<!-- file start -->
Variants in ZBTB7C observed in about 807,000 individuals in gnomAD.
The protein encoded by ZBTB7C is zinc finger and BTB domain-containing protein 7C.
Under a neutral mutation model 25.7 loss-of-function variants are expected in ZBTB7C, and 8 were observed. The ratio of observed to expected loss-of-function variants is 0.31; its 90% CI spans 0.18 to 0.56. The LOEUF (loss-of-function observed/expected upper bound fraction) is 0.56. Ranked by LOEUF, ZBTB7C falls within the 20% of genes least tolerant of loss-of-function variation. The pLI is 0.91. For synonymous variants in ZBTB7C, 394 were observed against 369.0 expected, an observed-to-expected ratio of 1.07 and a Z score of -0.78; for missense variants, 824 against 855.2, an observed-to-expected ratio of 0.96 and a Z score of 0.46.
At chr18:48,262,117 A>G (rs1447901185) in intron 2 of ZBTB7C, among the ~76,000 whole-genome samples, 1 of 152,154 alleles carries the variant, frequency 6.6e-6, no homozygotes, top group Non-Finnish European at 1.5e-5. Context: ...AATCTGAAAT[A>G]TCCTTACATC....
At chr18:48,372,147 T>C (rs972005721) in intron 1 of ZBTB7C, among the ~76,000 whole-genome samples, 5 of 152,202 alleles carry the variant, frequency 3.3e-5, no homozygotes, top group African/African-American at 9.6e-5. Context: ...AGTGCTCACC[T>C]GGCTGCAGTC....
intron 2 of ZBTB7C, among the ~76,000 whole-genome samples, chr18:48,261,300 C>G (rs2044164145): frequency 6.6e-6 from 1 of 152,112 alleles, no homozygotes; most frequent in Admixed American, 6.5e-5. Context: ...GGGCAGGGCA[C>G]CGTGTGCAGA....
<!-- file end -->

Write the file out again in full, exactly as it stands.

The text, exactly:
Variants in ZBTB7C observed in about 807,000 individuals in gnomAD.
The protein encoded by ZBTB7C is zinc finger and BTB domain-containing protein 7C.
Under a neutral mutation model 25.7 loss-of-function variants are expected in ZBTB7C, and 8 were observed. The ratio of observed to expected loss-of-function variants is 0.31; its 90% CI spans 0.18 to 0.56. The LOEUF (loss-of-function observed/expected upper bound fraction) is 0.56. Ranked by LOEUF, ZBTB7C falls within the 20% of genes least tolerant of loss-of-function variation. The pLI is 0.91. For synonymous variants in ZBTB7C, 394 were observed against 369.0 expected, an observed-to-expected ratio of 1.07 and a Z score of -0.78; for missense variants, 824 against 855.2, an observed-to-expected ratio of 0.96 and a Z score of 0.46.
At chr18:48,262,117 A>G (rs1447901185) in intron 2 of ZBTB7C, among the ~76,000 whole-genome samples, 1 of 152,154 alleles carries the variant, frequency 6.6e-6, no homozygotes, top group Non-Finnish European at 1.5e-5. Context: ...AATCTGAAAT[A>G]TCCTTACATC....
At chr18:48,372,147 T>C (rs972005721) in intron 1 of ZBTB7C, among the ~76,000 whole-genome samples, 5 of 152,202 alleles carry the variant, frequency 3.3e-5, no homozygotes, top group African/African-American at 9.6e-5. Context: ...AGTGCTCACC[T>C]GGCTGCAGTC....
intron 2 of ZBTB7C, among the ~76,000 whole-genome samples, chr18:48,261,300 C>G (rs2044164145): frequency 6.6e-6 from 1 of 152,112 alleles, no homozygotes; most frequent in Admixed American, 6.5e-5. Context: ...GGGCAGGGCA[C>G]CGTGTGCAGA....